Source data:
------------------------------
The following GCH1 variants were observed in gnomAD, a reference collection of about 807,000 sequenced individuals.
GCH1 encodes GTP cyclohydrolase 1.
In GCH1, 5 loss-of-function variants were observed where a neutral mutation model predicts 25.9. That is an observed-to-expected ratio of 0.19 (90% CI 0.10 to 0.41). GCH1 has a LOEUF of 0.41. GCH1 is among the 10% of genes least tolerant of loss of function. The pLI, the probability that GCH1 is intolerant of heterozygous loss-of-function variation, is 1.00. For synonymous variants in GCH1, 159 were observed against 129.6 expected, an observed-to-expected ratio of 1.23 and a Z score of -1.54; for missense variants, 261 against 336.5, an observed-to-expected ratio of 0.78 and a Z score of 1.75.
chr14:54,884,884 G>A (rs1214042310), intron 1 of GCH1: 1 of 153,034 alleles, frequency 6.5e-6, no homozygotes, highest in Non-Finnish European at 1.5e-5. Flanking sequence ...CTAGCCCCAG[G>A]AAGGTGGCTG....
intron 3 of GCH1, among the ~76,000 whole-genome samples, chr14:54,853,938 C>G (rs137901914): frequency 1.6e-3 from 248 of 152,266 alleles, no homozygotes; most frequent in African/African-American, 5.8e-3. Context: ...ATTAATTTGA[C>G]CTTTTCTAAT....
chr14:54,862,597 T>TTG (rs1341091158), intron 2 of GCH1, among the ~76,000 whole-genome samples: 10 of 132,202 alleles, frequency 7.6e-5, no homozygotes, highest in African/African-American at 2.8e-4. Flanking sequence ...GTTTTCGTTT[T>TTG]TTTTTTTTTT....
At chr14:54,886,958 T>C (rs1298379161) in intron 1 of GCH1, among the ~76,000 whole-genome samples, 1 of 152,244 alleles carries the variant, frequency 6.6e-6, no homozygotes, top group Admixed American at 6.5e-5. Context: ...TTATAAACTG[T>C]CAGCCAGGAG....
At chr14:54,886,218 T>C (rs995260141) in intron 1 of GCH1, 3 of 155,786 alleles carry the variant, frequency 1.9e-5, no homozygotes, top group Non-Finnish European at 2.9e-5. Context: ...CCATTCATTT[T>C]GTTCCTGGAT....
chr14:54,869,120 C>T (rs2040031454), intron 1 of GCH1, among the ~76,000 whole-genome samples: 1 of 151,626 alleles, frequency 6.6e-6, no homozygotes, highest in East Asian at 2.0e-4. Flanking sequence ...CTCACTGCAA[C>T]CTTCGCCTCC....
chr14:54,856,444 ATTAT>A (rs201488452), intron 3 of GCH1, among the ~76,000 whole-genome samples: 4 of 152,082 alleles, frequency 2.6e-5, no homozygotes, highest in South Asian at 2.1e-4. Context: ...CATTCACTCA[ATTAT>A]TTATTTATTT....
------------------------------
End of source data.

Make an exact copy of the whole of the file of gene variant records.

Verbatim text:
The following GCH1 variants were observed in gnomAD, a reference collection of about 807,000 sequenced individuals.
GCH1 encodes GTP cyclohydrolase 1.
In GCH1, 5 loss-of-function variants were observed where a neutral mutation model predicts 25.9. That is an observed-to-expected ratio of 0.19 (90% CI 0.10 to 0.41). GCH1 has a LOEUF of 0.41. GCH1 is among the 10% of genes least tolerant of loss of function. The pLI, the probability that GCH1 is intolerant of heterozygous loss-of-function variation, is 1.00. For synonymous variants in GCH1, 159 were observed against 129.6 expected, an observed-to-expected ratio of 1.23 and a Z score of -1.54; for missense variants, 261 against 336.5, an observed-to-expected ratio of 0.78 and a Z score of 1.75.
chr14:54,884,884 G>A (rs1214042310), intron 1 of GCH1: 1 of 153,034 alleles, frequency 6.5e-6, no homozygotes, highest in Non-Finnish European at 1.5e-5. Flanking sequence ...CTAGCCCCAG[G>A]AAGGTGGCTG....
intron 3 of GCH1, among the ~76,000 whole-genome samples, chr14:54,853,938 C>G (rs137901914): frequency 1.6e-3 from 248 of 152,266 alleles, no homozygotes; most frequent in African/African-American, 5.8e-3. Context: ...ATTAATTTGA[C>G]CTTTTCTAAT....
chr14:54,862,597 T>TTG (rs1341091158), intron 2 of GCH1, among the ~76,000 whole-genome samples: 10 of 132,202 alleles, frequency 7.6e-5, no homozygotes, highest in African/African-American at 2.8e-4. Flanking sequence ...GTTTTCGTTT[T>TTG]TTTTTTTTTT....
At chr14:54,886,958 T>C (rs1298379161) in intron 1 of GCH1, among the ~76,000 whole-genome samples, 1 of 152,244 alleles carries the variant, frequency 6.6e-6, no homozygotes, top group Admixed American at 6.5e-5. Context: ...TTATAAACTG[T>C]CAGCCAGGAG....
At chr14:54,886,218 T>C (rs995260141) in intron 1 of GCH1, 3 of 155,786 alleles carry the variant, frequency 1.9e-5, no homozygotes, top group Non-Finnish European at 2.9e-5. Context: ...CCATTCATTT[T>C]GTTCCTGGAT....
chr14:54,869,120 C>T (rs2040031454), intron 1 of GCH1, among the ~76,000 whole-genome samples: 1 of 151,626 alleles, frequency 6.6e-6, no homozygotes, highest in East Asian at 2.0e-4. Flanking sequence ...CTCACTGCAA[C>T]CTTCGCCTCC....
chr14:54,856,444 ATTAT>A (rs201488452), intron 3 of GCH1, among the ~76,000 whole-genome samples: 4 of 152,082 alleles, frequency 2.6e-5, no homozygotes, highest in South Asian at 2.1e-4. Context: ...CATTCACTCA[ATTAT>A]TTATTTATTT....